Belfast Telegraph

Saturday 27 December 2014

Tyrone manager Harte in gear for even more glory

Tyrone manager Mickey Harte will remain in his post for as long as he wishes.

It is now traditional in virtually every county - although not admitted everywhere - that a manager’s role is reviewed on the completion of each championship campaign.

And indeed this year there has been a quite inordinate number of managerial casualties, some predictable and others rather surprising.

But Harte will now remain as the Red Hands supremo for the forseeable future.

And that could bode ill for those counties currently entertaining aspirations of dislodging his team from their proud perch.

Harte may have shipped sharp criticism when his side surrendered to Down in the Ulster Championship but if they lost that particular battle, they certainly won the All Ireland war in spectacular style.

And Harte has made it clear that the brickbats which he suffered in the wake of that Down setback did not seriously impact on his approach nor on his commitment.

“If people with limited knowledge wish to have their say, then that is their prerogative,” he said tersely.

Given the depth of talent contained on the Tyrone bench on Sunday and the sparkling form being shown by the current Minor side, the future certainly looks optimistic for the county.

Chairman Pat Darcy said: “It’s just unbelievable to have won a third All Ireland crown in six years. We have raised the bar for ourselves, of course, but we hope to go on raising it. This is a particularly sweet success for us.”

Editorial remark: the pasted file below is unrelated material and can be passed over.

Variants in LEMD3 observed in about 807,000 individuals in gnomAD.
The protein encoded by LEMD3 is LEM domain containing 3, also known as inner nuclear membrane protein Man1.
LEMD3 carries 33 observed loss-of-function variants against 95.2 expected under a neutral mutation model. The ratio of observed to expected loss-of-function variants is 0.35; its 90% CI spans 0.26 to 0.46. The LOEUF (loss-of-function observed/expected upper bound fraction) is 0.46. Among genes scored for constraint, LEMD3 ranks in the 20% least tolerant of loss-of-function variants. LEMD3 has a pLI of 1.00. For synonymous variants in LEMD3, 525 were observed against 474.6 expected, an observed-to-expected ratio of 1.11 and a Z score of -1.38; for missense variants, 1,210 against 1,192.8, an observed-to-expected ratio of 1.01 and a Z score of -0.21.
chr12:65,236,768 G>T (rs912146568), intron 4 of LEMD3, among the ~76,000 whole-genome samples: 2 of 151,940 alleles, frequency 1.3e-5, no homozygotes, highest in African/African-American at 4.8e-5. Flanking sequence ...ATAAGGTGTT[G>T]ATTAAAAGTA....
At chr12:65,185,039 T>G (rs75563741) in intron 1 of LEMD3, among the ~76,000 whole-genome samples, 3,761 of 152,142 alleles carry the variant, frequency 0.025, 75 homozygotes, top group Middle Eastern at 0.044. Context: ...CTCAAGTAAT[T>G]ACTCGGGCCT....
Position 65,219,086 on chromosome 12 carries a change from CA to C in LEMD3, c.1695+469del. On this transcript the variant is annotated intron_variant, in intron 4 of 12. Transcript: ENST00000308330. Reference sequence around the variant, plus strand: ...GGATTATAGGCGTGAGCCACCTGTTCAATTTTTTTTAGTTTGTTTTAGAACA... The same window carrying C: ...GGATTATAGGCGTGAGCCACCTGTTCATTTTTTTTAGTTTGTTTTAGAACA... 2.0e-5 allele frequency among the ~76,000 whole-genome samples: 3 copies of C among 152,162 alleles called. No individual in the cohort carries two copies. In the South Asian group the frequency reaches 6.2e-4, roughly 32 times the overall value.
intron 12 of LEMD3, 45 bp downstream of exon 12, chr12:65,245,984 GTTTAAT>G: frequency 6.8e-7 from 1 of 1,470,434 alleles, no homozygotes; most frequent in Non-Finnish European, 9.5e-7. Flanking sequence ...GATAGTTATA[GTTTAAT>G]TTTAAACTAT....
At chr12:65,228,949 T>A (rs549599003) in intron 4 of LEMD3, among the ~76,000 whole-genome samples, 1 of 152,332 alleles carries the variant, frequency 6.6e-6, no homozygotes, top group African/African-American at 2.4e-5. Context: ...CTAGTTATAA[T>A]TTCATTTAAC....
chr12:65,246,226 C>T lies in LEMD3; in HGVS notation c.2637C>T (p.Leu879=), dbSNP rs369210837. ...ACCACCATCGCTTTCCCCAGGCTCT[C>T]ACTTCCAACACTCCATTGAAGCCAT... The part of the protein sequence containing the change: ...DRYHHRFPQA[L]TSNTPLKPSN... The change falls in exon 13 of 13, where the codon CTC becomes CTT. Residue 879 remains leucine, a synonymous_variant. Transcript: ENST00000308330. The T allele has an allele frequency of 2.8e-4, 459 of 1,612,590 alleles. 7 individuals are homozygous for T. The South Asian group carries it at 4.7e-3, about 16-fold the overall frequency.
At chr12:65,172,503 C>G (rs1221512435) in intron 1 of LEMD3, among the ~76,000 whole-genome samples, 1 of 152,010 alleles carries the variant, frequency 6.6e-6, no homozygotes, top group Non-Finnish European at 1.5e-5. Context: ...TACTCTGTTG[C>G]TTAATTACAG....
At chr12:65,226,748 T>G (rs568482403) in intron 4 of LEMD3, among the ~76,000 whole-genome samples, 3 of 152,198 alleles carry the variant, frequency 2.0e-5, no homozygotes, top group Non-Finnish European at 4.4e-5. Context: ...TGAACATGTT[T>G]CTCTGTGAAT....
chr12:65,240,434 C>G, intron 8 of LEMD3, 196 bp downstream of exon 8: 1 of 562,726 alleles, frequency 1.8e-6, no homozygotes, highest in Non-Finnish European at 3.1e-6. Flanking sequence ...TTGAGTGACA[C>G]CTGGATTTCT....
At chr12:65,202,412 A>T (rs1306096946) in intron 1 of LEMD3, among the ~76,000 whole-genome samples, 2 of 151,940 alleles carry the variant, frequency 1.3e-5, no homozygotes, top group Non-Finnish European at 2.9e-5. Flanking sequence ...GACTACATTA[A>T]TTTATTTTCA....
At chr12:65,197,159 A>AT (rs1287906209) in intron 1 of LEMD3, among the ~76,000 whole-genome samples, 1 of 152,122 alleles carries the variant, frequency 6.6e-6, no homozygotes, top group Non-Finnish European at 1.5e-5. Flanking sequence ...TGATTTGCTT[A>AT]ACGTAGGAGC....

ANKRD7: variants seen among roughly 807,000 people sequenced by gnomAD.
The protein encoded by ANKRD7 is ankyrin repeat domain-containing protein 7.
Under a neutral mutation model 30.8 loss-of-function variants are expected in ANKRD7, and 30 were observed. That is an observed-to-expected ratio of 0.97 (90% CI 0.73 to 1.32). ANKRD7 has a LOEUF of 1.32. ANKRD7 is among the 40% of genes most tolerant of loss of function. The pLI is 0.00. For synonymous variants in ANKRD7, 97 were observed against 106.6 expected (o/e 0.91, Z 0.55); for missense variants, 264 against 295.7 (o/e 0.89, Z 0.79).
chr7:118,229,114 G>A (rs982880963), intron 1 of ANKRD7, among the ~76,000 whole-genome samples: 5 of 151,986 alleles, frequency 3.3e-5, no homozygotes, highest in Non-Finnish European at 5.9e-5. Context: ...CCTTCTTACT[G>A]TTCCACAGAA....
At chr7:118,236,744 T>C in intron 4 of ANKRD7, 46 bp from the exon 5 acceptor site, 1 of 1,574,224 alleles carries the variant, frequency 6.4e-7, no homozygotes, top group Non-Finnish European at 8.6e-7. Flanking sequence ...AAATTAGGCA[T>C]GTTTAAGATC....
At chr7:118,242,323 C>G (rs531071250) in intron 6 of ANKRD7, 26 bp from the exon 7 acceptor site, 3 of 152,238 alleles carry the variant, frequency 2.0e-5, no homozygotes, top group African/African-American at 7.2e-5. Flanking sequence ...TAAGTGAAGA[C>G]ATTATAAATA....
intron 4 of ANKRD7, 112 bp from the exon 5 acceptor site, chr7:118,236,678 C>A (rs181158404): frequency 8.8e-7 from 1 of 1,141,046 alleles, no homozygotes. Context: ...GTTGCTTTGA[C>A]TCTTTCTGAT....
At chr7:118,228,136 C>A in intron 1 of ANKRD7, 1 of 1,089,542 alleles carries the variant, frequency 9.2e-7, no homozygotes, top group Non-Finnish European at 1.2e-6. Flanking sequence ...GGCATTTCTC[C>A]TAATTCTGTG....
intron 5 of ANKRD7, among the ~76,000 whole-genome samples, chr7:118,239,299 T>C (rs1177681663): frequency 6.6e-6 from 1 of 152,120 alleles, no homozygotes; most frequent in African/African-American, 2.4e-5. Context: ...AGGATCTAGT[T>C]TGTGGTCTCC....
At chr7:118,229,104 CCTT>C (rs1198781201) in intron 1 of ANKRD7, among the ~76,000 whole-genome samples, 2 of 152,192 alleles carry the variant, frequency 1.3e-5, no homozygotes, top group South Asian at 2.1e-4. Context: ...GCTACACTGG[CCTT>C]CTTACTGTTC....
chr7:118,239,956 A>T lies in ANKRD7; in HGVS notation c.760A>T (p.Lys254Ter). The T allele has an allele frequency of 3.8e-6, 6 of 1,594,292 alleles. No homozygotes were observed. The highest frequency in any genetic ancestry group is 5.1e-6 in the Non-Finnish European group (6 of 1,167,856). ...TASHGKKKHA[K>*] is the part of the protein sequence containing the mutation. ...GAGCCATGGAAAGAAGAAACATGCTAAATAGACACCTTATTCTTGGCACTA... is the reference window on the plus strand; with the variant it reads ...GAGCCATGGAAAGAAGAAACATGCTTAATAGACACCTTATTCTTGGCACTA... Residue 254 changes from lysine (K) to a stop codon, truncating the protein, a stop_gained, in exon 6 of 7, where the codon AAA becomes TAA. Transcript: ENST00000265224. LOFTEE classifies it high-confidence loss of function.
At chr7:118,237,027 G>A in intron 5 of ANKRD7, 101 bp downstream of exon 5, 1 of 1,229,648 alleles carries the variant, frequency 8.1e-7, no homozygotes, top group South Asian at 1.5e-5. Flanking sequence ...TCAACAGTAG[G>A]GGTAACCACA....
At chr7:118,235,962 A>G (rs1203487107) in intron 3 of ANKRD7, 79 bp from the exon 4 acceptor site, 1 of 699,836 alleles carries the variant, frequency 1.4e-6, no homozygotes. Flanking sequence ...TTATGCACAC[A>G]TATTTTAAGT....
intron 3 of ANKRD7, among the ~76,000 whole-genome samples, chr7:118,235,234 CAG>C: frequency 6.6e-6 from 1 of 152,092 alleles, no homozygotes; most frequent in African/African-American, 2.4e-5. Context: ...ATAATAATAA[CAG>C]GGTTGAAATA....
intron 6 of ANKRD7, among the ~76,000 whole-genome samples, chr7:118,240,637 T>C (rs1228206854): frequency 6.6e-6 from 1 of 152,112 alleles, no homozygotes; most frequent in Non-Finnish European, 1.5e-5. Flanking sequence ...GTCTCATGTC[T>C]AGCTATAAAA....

When Tyrone won the All Ireland title in 2005, they played no fewer than ten championship games - Kerry would have won three Munster titles in the past playing that number!

But Harte’s enthusiasm for confronting a challenge certainly shows no sign of waning.

“I wan to be involved, I want to be winning. The players are dedicated and we hope to take things on from here,” he added.

Meanwhile, the GAA may decide to take another look at how the presentation of major championship matches in particular can be improved.

The unseemly events at half-time on Sunday when the Kerry vice-chairman was pushed to the ground did nothing for the image of the Association.

Nor, indeed, does the Kerry habit of putting verbal pressure on referees with Kieran Donaghy invariably in the vanguard of this practice.

Tyrone preferrred to let their skill do the talking on Sunday to devastating effect.

And in manager Harte and skipper Brian Dooher they had two exceptional leaders.

The marked bond between the two men is clearly instrumental in motivating and sustaining the team’s overall efforts.

It’s a partnership made in heaven as far as Tyrone’s thousands of fans are concerned.

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